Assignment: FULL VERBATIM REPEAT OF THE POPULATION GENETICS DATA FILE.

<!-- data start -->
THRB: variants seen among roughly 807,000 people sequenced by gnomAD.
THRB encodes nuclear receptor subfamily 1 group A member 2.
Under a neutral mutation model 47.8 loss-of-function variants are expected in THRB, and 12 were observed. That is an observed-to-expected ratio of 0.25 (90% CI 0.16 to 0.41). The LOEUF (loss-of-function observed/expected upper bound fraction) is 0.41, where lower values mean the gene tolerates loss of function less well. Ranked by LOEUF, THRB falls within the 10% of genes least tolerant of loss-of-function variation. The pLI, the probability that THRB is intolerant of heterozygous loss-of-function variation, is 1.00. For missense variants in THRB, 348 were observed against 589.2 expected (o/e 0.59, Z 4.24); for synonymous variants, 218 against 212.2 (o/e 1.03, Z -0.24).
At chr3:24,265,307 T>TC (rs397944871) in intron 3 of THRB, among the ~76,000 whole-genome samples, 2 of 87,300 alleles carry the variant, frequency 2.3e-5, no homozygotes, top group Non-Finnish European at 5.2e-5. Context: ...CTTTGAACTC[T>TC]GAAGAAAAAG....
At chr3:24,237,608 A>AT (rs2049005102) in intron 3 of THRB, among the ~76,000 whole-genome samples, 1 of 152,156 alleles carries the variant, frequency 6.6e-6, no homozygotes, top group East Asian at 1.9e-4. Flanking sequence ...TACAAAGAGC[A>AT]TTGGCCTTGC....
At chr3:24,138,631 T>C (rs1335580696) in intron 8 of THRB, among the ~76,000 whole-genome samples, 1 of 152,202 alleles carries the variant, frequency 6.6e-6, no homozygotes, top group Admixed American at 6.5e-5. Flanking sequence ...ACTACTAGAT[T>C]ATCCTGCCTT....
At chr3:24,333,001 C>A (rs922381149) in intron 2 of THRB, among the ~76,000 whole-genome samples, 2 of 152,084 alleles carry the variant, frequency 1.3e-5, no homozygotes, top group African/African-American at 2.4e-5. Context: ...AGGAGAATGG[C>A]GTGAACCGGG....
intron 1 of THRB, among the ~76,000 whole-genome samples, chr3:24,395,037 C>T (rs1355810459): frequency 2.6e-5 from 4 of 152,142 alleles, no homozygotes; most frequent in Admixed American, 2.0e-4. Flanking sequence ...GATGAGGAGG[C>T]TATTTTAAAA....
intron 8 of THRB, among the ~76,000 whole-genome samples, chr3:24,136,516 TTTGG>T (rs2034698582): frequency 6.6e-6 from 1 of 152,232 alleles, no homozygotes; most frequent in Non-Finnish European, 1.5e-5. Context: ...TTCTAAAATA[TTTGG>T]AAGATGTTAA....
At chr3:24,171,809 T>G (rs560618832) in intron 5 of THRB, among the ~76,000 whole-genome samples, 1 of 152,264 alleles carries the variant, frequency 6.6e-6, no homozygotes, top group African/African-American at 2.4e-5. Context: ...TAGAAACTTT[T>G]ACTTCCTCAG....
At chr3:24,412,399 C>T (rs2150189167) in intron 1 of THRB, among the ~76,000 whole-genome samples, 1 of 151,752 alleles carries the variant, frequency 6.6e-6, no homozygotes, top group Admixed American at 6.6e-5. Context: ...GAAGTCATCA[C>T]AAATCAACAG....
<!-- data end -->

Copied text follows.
THRB: variants seen among roughly 807,000 people sequenced by gnomAD.
THRB encodes nuclear receptor subfamily 1 group A member 2.
Under a neutral mutation model 47.8 loss-of-function variants are expected in THRB, and 12 were observed. That is an observed-to-expected ratio of 0.25 (90% CI 0.16 to 0.41). The LOEUF (loss-of-function observed/expected upper bound fraction) is 0.41, where lower values mean the gene tolerates loss of function less well. Ranked by LOEUF, THRB falls within the 10% of genes least tolerant of loss-of-function variation. The pLI, the probability that THRB is intolerant of heterozygous loss-of-function variation, is 1.00. For missense variants in THRB, 348 were observed against 589.2 expected (o/e 0.59, Z 4.24); for synonymous variants, 218 against 212.2 (o/e 1.03, Z -0.24).
At chr3:24,265,307 T>TC (rs397944871) in intron 3 of THRB, among the ~76,000 whole-genome samples, 2 of 87,300 alleles carry the variant, frequency 2.3e-5, no homozygotes, top group Non-Finnish European at 5.2e-5. Context: ...CTTTGAACTC[T>TC]GAAGAAAAAG....
At chr3:24,237,608 A>AT (rs2049005102) in intron 3 of THRB, among the ~76,000 whole-genome samples, 1 of 152,156 alleles carries the variant, frequency 6.6e-6, no homozygotes, top group East Asian at 1.9e-4. Flanking sequence ...TACAAAGAGC[A>AT]TTGGCCTTGC....
At chr3:24,138,631 T>C (rs1335580696) in intron 8 of THRB, among the ~76,000 whole-genome samples, 1 of 152,202 alleles carries the variant, frequency 6.6e-6, no homozygotes, top group Admixed American at 6.5e-5. Flanking sequence ...ACTACTAGAT[T>C]ATCCTGCCTT....
At chr3:24,333,001 C>A (rs922381149) in intron 2 of THRB, among the ~76,000 whole-genome samples, 2 of 152,084 alleles carry the variant, frequency 1.3e-5, no homozygotes, top group African/African-American at 2.4e-5. Context: ...AGGAGAATGG[C>A]GTGAACCGGG....
intron 1 of THRB, among the ~76,000 whole-genome samples, chr3:24,395,037 C>T (rs1355810459): frequency 2.6e-5 from 4 of 152,142 alleles, no homozygotes; most frequent in Admixed American, 2.0e-4. Flanking sequence ...GATGAGGAGG[C>T]TATTTTAAAA....
intron 8 of THRB, among the ~76,000 whole-genome samples, chr3:24,136,516 TTTGG>T (rs2034698582): frequency 6.6e-6 from 1 of 152,232 alleles, no homozygotes; most frequent in Non-Finnish European, 1.5e-5. Context: ...TTCTAAAATA[TTTGG>T]AAGATGTTAA....
At chr3:24,171,809 T>G (rs560618832) in intron 5 of THRB, among the ~76,000 whole-genome samples, 1 of 152,264 alleles carries the variant, frequency 6.6e-6, no homozygotes, top group African/African-American at 2.4e-5. Context: ...TAGAAACTTT[T>G]ACTTCCTCAG....
At chr3:24,412,399 C>T (rs2150189167) in intron 1 of THRB, among the ~76,000 whole-genome samples, 1 of 151,752 alleles carries the variant, frequency 6.6e-6, no homozygotes, top group Admixed American at 6.6e-5. Context: ...GAAGTCATCA[C>T]AAATCAACAG....